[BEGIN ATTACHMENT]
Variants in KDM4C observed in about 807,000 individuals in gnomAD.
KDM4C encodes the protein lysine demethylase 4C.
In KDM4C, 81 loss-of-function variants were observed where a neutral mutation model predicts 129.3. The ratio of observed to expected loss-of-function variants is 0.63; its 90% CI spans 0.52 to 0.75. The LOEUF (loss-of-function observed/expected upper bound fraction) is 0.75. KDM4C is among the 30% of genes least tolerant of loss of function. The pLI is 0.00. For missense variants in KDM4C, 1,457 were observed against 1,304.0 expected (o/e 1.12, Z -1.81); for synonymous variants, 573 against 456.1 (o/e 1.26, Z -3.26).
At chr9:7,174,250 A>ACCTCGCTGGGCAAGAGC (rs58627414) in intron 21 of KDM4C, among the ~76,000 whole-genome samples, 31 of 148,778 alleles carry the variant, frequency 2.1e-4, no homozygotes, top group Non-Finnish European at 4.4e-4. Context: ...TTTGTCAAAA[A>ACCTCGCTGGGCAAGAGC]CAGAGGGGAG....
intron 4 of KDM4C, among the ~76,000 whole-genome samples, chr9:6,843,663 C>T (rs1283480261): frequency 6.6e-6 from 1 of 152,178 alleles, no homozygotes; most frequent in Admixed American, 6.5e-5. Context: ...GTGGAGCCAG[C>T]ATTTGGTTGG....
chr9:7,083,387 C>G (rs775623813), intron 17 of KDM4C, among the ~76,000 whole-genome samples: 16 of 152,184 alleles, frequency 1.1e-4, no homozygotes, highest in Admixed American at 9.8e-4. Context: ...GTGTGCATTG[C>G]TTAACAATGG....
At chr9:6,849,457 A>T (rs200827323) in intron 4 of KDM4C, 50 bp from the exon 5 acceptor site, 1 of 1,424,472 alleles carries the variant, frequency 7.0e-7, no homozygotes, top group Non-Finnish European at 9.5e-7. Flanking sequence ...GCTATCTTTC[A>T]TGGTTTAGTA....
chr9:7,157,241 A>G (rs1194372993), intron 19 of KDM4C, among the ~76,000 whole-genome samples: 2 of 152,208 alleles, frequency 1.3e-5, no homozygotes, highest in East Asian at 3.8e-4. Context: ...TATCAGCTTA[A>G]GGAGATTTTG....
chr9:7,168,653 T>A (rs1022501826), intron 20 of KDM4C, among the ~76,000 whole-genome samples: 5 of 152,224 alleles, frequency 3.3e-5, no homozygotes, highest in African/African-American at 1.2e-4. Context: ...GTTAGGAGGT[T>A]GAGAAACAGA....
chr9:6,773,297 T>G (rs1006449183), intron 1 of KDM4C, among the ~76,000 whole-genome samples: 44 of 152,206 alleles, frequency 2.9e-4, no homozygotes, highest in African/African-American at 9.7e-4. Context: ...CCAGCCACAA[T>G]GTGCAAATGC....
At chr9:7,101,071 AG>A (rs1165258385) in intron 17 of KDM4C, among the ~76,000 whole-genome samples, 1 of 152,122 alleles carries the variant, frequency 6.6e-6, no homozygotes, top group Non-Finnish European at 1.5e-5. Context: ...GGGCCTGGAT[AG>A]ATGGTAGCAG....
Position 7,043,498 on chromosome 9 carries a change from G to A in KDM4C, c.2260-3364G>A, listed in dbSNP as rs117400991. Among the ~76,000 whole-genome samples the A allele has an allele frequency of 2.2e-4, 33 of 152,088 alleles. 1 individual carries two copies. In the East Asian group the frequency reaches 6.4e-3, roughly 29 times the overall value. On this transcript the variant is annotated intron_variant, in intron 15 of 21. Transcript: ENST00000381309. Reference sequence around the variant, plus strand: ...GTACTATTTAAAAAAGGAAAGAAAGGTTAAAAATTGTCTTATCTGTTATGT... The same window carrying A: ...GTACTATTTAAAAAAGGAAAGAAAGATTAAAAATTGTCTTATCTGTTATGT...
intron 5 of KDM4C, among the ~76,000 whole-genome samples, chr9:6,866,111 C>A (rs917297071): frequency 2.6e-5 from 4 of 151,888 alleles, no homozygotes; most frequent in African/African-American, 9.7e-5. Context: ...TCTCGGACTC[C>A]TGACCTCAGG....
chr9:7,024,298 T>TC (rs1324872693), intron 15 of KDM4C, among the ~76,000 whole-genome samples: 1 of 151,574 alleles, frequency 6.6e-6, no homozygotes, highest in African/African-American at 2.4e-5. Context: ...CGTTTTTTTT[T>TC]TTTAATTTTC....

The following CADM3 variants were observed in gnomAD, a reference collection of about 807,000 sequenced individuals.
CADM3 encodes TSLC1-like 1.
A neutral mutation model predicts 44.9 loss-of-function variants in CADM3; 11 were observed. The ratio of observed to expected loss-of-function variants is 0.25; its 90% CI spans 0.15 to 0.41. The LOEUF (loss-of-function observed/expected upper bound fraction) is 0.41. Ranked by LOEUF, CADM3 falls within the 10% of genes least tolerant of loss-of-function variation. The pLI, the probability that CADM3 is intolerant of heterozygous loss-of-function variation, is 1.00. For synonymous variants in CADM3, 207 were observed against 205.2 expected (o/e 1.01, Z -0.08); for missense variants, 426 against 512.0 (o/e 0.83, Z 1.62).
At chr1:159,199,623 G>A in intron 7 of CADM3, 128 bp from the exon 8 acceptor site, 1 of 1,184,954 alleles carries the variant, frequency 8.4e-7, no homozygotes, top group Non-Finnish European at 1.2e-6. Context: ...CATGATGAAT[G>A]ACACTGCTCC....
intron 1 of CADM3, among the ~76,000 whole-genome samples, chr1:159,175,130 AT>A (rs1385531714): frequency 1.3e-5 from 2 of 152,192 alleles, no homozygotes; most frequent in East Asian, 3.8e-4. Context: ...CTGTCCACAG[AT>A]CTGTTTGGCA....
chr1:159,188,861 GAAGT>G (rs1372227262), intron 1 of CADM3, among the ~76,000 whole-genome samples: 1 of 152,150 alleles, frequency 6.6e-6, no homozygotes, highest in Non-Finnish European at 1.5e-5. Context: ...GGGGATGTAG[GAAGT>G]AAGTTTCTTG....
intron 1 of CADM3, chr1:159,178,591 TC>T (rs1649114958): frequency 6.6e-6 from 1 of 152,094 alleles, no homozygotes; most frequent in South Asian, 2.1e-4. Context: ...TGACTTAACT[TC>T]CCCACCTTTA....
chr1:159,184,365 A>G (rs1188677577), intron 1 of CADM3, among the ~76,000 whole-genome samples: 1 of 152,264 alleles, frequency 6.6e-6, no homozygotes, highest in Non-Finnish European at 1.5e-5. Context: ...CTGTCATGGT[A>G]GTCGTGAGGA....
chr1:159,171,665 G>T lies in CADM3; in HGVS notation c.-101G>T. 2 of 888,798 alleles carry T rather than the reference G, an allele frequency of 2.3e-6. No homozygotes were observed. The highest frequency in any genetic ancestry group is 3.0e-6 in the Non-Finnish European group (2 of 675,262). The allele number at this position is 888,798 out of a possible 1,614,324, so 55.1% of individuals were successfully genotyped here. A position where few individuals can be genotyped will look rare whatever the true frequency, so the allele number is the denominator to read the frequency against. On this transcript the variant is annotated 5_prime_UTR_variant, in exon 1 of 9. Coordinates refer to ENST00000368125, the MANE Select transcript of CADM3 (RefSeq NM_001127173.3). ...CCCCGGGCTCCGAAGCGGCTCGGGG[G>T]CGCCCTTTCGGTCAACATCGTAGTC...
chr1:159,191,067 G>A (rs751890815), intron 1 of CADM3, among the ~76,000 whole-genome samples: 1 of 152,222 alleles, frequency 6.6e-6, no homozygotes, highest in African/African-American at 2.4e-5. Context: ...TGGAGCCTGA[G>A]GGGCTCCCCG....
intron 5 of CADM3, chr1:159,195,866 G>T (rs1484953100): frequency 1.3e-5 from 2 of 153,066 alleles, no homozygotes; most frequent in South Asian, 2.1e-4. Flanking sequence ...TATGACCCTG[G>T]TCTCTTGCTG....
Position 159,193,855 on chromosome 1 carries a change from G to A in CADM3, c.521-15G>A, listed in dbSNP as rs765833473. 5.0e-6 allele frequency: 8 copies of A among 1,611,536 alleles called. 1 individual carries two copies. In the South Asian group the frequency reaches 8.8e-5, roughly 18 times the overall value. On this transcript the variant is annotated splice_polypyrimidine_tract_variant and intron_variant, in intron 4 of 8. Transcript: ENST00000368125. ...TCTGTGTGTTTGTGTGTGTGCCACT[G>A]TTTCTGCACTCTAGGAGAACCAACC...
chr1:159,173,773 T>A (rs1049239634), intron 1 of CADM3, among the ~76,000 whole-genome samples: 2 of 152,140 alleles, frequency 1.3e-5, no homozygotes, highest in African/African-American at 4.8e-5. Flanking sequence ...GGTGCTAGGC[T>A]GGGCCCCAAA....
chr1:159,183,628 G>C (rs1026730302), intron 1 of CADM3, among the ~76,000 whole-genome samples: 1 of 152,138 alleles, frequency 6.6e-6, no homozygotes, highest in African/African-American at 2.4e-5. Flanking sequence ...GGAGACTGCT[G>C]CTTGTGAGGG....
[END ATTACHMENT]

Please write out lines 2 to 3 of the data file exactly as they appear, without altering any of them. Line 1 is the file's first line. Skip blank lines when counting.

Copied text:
KDM4C encodes the protein lysine demethylase 4C.
In KDM4C, 81 loss-of-function variants were observed where a neutral mutation model predicts 129.3. The ratio of observed to expected loss-of-function variants is 0.63; its 90% CI spans 0.52 to 0.75. The LOEUF (loss-of-function observed/expected upper bound fraction) is 0.75. KDM4C is among the 30% of genes least tolerant of loss of function. The pLI is 0.00. For missense variants in KDM4C, 1,457 were observed against 1,304.0 expected (o/e 1.12, Z -1.81); for synonymous variants, 573 against 456.1 (o/e 1.26, Z -3.26).